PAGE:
Top College News Subscribe to the Newsletter

Clubs seek more funds

staff writer

Published: Thursday, January 31, 2013

Updated: Thursday, January 31, 2013 13:01


JORDAN KERR takes a shot on goal after a faceoff during a Jan. 19 game against Brigham Young University at the Eccles ice Center. Kerr and the Aggies are looking to lock up a berth in the national tournament. CURTIS RIPPLINGER photo


In the past several years, Utah State has seen many athletic clubs have success both regionally and nationally. 

Ranging from baseball to hockey to tennis, these teams have brought both awards and recognition to the university. As with any program, however, these clubs need financial support, and university funding limits are being reached.

“Last year our season roughly cost about $17,000,” said baseball club president Garrett Schiffman. “We received private donations from donors. Each player was required to pay club dues and then we received some money from the school.”

Campus Recreation covers 14 officially recognized athletic clubs. Assistant director Scott Wamsley is in charge of fund distribution.

“Basically we’ve got $51,000 that we can allocate to all these different clubs,” said Wamsley. “They receive funding based on their need and what they bring in in dues.”

The money comes from a portion of general student fees, with the rest of needed funds coming from player pockets and sponsors.

“Baseball this year received $4,000 from us,” Wamsley said. “There are a couple of other teams that receive more.”

Schiffman said this year’s baseball player fees were $125 for fall semester and $400 for spring. Fees cover team travel, hotels and one meal a trip.

“We raised them a little bit up from last year just because of the success we had,” he said.

The baseball team has been very pleased with the support Campus Recreation has given them, Schiffman said.

“We’ve seen the increase of funds come from different areas, especially within the Campus Rec. That’s been really nice,” he said. “They’ve been real grateful to help us and we’ve been real grateful for their help and support because there’s no way we’d be able to do it without them.”

The tennis club on the other hand has not been allowed to receive athletic funding due to a previous agreement between Campus Recreation and the athletic department, which already has men’s and women’s tennis teams.

“We have an ongoing agreement with the athletic department that we will not sponsor or have any club teams the same as they have over in their department, and they will not have any in their department that we have in ours,” Wamsley said.

Due to the agreement, the tennis club is instead affiliated with the Council of Student Clubs and Organizations, the same as all non-athletic clubs at the university. Mike Sheffield, president of the tennis club, said funding has been difficult and has limited the advancement of the club.

“Biggest issue is we can’t be affiliated with Campus Rec because there’s a varsity team,” Sheffield said. “It’s the department’s priority to fund the clubs within. Since our department, Campus Rec, is unwilling to take us on, we have to go to CSCO.”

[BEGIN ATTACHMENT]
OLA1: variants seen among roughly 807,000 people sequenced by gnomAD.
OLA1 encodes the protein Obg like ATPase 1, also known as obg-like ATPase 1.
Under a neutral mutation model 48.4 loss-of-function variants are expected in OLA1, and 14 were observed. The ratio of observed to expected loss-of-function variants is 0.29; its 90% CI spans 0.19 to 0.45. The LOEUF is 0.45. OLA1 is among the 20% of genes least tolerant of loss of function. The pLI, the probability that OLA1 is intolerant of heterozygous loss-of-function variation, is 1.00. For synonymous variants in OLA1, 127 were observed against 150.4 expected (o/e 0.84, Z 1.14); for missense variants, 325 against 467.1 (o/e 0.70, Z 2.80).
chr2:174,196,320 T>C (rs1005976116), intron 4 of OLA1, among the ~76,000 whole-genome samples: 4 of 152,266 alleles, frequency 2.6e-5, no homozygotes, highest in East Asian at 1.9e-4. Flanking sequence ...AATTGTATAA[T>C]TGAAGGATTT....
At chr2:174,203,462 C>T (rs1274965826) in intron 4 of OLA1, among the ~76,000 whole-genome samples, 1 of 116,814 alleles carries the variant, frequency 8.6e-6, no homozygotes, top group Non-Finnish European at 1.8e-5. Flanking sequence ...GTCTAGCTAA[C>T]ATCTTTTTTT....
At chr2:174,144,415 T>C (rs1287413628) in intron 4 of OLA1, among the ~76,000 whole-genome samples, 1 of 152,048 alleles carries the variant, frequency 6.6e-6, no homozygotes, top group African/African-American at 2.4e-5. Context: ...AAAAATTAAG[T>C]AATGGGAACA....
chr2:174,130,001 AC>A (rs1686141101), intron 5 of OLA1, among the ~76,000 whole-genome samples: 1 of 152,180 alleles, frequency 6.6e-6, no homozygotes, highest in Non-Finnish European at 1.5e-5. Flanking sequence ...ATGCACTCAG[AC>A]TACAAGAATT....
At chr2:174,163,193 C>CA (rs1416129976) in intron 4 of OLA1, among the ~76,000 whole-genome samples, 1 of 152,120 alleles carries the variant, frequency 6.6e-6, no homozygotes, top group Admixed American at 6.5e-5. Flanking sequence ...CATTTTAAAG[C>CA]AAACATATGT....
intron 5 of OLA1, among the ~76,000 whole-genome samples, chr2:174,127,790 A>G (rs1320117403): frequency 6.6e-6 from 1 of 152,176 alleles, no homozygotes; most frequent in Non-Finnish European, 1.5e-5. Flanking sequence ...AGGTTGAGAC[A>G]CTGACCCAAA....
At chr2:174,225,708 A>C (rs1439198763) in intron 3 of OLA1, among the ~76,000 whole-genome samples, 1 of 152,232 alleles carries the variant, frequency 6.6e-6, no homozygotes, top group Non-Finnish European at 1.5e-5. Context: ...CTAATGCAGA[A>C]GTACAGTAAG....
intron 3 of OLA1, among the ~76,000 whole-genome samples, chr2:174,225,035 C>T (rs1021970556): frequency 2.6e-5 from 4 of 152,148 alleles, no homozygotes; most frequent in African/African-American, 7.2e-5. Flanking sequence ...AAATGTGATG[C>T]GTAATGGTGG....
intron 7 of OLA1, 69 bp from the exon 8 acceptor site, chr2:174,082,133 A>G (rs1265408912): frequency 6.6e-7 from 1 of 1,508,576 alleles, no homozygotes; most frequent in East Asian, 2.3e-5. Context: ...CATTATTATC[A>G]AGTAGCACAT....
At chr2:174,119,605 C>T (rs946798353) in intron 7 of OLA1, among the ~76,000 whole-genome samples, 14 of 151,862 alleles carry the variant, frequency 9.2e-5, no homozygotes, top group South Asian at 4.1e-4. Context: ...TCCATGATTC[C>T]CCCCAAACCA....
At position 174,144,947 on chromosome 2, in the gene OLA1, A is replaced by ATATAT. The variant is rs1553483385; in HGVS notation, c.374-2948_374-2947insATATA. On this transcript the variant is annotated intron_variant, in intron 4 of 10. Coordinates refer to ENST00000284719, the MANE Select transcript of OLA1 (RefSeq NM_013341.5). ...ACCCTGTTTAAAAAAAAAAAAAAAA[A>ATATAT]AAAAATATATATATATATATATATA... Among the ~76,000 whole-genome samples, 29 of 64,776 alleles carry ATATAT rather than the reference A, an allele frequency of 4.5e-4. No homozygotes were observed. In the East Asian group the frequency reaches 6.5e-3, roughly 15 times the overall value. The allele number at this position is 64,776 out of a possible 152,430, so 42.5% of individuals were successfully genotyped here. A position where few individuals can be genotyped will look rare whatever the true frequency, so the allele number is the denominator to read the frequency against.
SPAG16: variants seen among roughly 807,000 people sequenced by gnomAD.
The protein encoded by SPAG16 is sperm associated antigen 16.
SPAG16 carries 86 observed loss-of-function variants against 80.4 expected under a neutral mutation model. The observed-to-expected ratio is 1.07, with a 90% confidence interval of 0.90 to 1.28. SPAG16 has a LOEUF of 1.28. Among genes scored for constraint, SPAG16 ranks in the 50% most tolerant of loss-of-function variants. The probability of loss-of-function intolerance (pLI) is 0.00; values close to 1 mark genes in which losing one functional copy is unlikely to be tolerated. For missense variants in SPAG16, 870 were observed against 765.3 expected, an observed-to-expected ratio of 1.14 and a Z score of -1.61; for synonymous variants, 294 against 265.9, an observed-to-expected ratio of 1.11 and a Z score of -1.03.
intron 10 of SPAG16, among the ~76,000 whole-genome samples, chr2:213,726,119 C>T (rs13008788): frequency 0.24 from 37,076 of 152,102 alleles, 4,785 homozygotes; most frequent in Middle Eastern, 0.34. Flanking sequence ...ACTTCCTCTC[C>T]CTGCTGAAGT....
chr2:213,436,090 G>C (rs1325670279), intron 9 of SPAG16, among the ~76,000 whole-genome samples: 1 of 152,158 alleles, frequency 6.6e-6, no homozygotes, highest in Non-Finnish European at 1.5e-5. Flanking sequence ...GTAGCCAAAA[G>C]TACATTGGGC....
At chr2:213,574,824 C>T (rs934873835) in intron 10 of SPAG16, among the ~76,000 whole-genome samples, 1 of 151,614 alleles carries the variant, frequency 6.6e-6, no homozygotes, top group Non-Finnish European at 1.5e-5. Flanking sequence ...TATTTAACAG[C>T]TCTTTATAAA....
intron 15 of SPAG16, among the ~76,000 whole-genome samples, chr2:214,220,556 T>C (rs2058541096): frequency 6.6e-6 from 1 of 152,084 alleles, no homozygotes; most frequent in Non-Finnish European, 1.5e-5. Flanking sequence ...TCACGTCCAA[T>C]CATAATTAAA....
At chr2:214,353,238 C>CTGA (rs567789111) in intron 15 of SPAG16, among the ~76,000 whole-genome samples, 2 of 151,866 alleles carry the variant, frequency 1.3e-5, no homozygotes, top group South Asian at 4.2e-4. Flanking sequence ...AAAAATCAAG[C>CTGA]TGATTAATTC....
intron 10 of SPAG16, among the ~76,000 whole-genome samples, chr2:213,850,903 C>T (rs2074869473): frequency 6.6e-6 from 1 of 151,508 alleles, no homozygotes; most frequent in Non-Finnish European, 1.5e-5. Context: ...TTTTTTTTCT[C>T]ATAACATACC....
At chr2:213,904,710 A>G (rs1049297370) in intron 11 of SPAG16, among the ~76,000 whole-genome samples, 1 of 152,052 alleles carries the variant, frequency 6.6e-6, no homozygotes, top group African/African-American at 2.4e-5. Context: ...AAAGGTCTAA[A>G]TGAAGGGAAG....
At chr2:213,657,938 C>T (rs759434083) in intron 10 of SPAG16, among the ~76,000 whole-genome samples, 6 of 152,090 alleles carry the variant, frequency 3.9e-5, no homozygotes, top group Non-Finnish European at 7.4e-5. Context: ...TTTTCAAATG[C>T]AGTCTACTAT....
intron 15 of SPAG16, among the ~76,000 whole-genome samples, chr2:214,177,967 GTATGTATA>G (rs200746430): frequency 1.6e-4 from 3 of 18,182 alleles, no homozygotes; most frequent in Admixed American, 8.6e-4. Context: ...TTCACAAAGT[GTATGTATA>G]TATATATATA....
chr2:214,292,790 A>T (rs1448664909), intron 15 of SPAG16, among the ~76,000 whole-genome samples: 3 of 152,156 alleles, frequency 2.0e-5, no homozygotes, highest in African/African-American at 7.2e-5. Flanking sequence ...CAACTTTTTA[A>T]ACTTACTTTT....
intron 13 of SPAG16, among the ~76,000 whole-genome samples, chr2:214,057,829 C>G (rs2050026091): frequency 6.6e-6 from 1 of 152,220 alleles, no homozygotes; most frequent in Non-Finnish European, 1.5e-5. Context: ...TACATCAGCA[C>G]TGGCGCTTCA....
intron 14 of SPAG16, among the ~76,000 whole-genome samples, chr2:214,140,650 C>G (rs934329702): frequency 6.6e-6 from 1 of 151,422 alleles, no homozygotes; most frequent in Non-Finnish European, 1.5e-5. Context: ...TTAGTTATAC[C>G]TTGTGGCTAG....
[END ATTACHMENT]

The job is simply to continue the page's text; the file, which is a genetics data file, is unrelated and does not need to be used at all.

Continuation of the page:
Clubs may apply for funding from CSCO multiple times throughout the school year, but Sheffield said he has received very little support.

“In the last three years, the university has given us a total of $200,” he said. “Last year our club spent over $6,000 and will again this year. So $200 compared to $6,000 is not much.”

Members of the club pay dues of $35 each semester. Sheffield said while he recognizes it is substantially less than other sports, it does not cover the same expenses other club fees typically do, such as travel.

“They would have a point that our members don’t pay as much as some of the other club team members do,” Sheffield said. “But at the same time, as long as you’re paying more and receiving more from the university, it costs more.”

Wamsley said the agreement with the athletic department has been mainly based on the confusion between varsity and club teams, difficulty in finding sponsors and the amount of available space.

“It comes down to money, space and that agreement that we have with athletics,” said Wamsley. “Until we have more facilities, more funding, 14 teams is about where we’re going to stay at this point.”

Sheffield said he would love to seek sponsors, but the agreement once again prevents him from doing so.

“They tell me I can’t go and get sponsors,” he said. “Anybody sponsoring us is someone not sponsoring the varsity team. You’ll barely give us any money, we can’t go elsewhere to get money. It’s kind of frustrating.”

While the club usually breaks even, last year after regionals is when Sheffield was really upset. The team placed second and qualified for nationals but was unable to attend due to financial reasons.

“Last year we were good enough and qualified to go to the national tournament, but couldn’t, just because we didn’t have enough money,” Sheffield said. “Fellow students couldn’t pay enough, so we had to opt out. This year we hope it’s not the case, but it’s up in the air.”

Sheffield put in a request for funds Jan. 23, and Saturday the tennis club was granted $400 from the university.

Recommended: Articles that may interest you

Be the first to comment on this article!

log out